Which will be a fine and familiar outcome for them. Noah Rothman notes today that some of DeSantis’s most crowd-pleasing populist initiatives (the “anti-riot” bill, the Big Tech legislation) have already run afoul of courts yet DeSantis has suffered no diminution in his “he fights!” cred as a result. “If a simple gesture of hostility in the general direction of a particular problem satisfies … right-leaning critics of cultural progressivism, then they are only in the market for theatrics,” Rothman argues. Relatedly, yesterday DeSantis signed a new bill creating an “election police” unit in Florida even though his state’s elections have been run exceptionally well and efficiently since the 2000 debacle and no one, including Democrats, questions the results there in 2020. The creation of election police is also “theatrics,” a small nod to “stop the steal” truthers that he sympathizes with their paranoia.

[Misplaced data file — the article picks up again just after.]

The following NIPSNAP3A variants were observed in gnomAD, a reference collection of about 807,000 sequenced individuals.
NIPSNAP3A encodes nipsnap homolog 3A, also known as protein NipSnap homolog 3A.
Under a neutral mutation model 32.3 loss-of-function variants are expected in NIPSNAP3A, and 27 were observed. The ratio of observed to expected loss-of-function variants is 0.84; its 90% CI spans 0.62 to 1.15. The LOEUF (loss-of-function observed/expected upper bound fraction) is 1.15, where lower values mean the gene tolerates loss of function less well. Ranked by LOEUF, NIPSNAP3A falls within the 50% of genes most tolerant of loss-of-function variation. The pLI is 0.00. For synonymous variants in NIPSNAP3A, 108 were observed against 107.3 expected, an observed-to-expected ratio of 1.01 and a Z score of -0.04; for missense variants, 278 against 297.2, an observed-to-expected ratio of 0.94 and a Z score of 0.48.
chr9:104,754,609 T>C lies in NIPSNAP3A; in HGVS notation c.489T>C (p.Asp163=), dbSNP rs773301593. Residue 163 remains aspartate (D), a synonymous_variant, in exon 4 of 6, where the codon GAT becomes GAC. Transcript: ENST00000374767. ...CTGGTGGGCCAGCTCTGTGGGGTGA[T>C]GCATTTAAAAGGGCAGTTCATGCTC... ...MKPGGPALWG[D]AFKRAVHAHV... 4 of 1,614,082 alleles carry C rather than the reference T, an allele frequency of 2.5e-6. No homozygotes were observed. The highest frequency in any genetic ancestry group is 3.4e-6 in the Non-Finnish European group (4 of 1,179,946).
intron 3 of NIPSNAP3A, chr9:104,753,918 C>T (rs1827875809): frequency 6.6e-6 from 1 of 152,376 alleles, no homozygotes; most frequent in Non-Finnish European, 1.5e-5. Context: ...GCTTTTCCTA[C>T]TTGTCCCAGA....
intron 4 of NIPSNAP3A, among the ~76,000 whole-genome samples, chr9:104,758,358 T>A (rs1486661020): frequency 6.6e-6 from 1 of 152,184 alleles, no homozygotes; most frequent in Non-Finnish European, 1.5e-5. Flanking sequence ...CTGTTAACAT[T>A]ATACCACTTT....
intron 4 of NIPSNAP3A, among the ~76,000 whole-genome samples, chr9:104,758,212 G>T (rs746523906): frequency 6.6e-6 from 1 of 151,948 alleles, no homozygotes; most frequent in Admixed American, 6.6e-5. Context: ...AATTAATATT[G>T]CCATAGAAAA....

I think he’s counting on the same phenomenon recurring if a court throws out his hasty and apparently poorly vetted Reedy Creek bill. He’ll still get tons of credit from righties who appreciate his willingness to fight whether or not doing so produces any results in this case. And meanwhile an adverse ruling will spare him and the state the headache of being sued by Reedy Creek bondholders who want to know why Florida’s promise to them wasn’t kept. The theatrics are the important thing.